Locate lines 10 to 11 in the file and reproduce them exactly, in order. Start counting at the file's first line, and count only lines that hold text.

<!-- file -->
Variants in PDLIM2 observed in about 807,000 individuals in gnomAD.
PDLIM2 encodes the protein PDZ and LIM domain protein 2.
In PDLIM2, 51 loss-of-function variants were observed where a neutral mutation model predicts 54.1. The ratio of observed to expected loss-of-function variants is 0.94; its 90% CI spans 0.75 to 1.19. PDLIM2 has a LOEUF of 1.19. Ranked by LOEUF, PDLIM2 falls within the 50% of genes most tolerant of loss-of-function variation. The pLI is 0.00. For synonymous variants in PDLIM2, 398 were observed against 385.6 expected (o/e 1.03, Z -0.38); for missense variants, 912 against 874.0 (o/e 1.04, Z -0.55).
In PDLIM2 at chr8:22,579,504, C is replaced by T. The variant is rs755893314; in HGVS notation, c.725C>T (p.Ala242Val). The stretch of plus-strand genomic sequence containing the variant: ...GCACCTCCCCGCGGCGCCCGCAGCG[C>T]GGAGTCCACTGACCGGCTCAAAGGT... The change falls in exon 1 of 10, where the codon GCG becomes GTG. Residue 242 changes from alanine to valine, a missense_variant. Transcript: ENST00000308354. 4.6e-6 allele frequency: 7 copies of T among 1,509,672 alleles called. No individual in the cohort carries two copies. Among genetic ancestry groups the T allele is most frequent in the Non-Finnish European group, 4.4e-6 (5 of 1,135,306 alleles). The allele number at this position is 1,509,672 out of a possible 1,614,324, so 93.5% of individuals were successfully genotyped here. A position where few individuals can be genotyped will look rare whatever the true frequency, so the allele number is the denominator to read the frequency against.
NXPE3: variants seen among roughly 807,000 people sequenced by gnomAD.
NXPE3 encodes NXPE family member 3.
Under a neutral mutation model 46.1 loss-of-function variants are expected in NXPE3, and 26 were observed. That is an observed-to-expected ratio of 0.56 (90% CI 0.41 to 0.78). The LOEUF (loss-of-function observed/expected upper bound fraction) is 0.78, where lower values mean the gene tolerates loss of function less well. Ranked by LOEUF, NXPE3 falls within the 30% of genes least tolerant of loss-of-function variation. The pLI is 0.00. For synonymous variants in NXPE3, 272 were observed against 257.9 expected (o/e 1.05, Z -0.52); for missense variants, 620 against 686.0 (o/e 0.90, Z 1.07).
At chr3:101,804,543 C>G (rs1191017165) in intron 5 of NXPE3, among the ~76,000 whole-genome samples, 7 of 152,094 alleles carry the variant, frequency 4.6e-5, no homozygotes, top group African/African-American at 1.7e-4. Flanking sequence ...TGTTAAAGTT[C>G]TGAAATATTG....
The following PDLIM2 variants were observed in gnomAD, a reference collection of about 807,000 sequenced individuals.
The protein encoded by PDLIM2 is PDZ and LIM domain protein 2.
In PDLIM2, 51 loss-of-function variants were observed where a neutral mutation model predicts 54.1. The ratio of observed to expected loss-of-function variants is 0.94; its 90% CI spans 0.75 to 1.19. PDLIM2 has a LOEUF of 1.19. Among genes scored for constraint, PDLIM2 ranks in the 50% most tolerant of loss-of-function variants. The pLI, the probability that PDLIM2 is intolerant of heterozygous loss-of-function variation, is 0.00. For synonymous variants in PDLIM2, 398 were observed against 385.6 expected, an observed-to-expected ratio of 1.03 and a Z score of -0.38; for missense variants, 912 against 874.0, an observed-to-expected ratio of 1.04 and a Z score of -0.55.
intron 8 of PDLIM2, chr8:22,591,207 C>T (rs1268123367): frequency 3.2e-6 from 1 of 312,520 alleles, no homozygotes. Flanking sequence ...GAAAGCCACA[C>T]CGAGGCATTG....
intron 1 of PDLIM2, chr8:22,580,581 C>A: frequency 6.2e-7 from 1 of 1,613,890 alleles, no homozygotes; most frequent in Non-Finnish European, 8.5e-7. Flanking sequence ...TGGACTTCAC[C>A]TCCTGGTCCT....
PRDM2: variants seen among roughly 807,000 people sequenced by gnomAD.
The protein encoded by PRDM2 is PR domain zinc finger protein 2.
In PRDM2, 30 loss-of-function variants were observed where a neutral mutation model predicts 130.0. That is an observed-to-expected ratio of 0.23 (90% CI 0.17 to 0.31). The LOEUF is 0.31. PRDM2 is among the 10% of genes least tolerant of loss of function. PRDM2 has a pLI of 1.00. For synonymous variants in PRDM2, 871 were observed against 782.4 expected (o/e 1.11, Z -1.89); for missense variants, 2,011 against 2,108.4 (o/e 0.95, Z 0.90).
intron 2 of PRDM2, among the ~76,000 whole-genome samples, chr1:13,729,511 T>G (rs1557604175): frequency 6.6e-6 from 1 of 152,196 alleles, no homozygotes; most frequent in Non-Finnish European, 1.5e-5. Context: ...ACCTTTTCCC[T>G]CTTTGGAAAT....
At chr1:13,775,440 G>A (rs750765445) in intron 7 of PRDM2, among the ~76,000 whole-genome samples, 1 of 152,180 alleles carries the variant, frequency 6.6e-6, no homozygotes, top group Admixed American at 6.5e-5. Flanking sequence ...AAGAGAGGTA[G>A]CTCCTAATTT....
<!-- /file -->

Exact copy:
The protein encoded by PDLIM2 is PDZ and LIM domain protein 2.
In PDLIM2, 51 loss-of-function variants were observed where a neutral mutation model predicts 54.1. The ratio of observed to expected loss-of-function variants is 0.94; its 90% CI spans 0.75 to 1.19. PDLIM2 has a LOEUF of 1.19. Among genes scored for constraint, PDLIM2 ranks in the 50% most tolerant of loss-of-function variants. The pLI, the probability that PDLIM2 is intolerant of heterozygous loss-of-function variation, is 0.00. For synonymous variants in PDLIM2, 398 were observed against 385.6 expected, an observed-to-expected ratio of 1.03 and a Z score of -0.38; for missense variants, 912 against 874.0, an observed-to-expected ratio of 1.04 and a Z score of -0.55.